Sweden tests drug to curb child-sex urges
"NO one would choose this, it's obvious," said Anders, who has unwanted sexual thoughts about children.
He is at the forefront of a unique scientific study under way in Sweden to see if drugs can prevent paedophiles from acting on their urges.
Anders, who agreed to be interviewed using a pseudonym, says he has never abused children but sought help because he knew his sexual fantasies were "not normal".
He hopes the groundbreaking trial will halt his "improper" urges.
At Stockholm's Karolinska Institute, patients like Anders who have sought help for paedophile fantasies but have not acted on them, are being given a drug normally used to treat advanced prostate cancer to determine if it reduces the risk of them sexually abusing a child.
"The goal is to establish a preventive treatment programme for men with paedophiliac disorder that is both effective and tolerable so that we can prevent child sexual abuse from happening in the first place," psychiatrist and lead researcher Christoffer Rahm said.
Various types of chemical castration are used around the world on paedophiles convicted of sex offences. However, the treatment is not used preventively.
"What we introduce with this study is a way of shifting perspective from being reactive to proactive," Mr Rahm said.
Clinical studies on paedophiles are also rare because of ethical issues and difficulties gathering data. Conducting research where patients risk harming a third party requires special cooperation with legal and child welfare experts, Mr Rahm said.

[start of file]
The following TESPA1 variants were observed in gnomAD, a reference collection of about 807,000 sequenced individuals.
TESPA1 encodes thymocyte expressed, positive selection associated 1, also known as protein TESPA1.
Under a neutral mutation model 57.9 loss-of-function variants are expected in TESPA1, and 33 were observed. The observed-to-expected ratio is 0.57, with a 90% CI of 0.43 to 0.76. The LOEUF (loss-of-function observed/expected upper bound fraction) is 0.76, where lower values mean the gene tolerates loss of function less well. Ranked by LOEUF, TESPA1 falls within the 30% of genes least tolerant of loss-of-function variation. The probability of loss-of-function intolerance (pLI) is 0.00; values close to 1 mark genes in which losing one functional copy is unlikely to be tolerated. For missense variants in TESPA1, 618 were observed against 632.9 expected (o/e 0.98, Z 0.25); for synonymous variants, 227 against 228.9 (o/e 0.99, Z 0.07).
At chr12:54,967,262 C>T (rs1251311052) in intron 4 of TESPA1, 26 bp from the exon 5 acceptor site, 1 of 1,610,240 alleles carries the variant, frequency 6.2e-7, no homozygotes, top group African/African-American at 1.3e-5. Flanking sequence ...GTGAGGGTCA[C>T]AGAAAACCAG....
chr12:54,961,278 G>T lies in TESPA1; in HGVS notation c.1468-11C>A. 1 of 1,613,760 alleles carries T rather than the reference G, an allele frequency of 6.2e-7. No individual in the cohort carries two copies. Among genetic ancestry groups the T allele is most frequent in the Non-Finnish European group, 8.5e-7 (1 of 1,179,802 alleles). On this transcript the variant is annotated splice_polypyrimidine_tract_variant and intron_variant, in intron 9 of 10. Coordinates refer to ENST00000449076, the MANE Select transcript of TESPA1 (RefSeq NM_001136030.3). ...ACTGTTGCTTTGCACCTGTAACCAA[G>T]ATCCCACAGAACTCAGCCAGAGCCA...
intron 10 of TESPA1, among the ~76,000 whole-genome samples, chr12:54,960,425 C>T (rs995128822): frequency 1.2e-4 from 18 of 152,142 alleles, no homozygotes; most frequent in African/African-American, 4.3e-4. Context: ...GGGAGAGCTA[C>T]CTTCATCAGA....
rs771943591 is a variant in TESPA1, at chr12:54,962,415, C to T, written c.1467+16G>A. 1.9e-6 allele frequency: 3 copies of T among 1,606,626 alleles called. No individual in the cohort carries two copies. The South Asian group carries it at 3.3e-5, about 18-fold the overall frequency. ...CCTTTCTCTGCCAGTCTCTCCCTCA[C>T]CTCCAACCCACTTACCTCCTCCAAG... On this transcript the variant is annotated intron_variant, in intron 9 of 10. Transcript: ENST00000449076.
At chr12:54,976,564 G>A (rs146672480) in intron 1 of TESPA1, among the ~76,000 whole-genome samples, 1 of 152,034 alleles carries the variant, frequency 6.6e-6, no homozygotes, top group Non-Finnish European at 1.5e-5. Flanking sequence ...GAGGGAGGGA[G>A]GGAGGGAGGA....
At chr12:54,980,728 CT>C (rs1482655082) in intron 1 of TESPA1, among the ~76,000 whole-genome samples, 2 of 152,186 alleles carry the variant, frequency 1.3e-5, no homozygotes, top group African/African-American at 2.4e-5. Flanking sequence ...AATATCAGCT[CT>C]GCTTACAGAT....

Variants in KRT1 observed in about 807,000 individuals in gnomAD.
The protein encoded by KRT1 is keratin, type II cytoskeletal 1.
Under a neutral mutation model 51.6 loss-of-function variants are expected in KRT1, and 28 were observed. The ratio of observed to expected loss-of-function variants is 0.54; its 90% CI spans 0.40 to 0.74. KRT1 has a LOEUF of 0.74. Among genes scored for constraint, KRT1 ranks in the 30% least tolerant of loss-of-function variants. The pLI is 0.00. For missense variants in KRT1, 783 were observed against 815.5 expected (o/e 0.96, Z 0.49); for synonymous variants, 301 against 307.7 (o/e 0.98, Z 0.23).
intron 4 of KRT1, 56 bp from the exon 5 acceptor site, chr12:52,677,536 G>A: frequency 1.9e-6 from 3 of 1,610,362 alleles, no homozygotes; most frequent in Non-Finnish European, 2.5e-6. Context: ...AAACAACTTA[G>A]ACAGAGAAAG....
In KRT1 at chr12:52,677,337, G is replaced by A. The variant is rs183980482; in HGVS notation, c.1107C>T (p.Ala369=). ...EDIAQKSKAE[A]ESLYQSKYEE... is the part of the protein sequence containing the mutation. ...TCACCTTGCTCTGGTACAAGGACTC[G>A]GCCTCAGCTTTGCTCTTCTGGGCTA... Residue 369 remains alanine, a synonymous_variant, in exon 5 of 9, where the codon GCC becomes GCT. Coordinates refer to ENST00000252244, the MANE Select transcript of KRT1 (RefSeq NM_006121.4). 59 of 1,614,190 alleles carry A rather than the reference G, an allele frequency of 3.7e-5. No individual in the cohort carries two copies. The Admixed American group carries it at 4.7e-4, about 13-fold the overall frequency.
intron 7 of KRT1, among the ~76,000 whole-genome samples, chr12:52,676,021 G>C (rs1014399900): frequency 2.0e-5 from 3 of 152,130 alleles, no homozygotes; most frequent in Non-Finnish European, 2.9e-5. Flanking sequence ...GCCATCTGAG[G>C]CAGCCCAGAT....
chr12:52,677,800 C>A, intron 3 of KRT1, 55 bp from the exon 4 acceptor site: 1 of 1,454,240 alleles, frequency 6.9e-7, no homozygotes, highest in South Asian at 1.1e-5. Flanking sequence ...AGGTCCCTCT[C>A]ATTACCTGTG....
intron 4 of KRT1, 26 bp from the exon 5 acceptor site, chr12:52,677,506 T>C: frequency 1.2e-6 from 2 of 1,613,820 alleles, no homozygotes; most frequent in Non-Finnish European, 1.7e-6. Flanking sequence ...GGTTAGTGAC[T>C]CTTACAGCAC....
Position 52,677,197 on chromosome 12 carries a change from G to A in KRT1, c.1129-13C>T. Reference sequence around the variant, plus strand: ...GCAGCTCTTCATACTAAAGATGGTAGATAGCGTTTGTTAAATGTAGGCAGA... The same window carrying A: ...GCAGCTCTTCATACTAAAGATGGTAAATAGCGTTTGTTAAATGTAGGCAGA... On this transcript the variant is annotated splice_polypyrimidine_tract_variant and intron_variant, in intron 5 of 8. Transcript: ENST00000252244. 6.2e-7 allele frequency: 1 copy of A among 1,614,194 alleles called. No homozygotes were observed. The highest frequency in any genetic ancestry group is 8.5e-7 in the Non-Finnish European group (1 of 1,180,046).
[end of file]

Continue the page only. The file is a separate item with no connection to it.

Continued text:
In the clinical trial, half the 60 subjects receive an injection of the drug Degarelix and the other half get a "dummy" drug, or placebo.
Subjects who receive Degarelix will have non-detectable levels of testosterone after three days, an effect that lasts about three months.
Testosterone is involved in several of the most important risk factors for committing child sex abuse, including high sexual arousal, diminished self-control and low empathy.
Anders does not know if he has received the real drug or the placebo, and will find out only when the study is completed in two to three years.
"I have noticed that my sex drive has been sinking lately but I don't know if it's attributable to the medicine," he says.
Subjects will also undergo brain scans using magnetic resonance imaging while looking at computer-generated pictures of partially clothed people of all ages, to see how different areas of their brains react.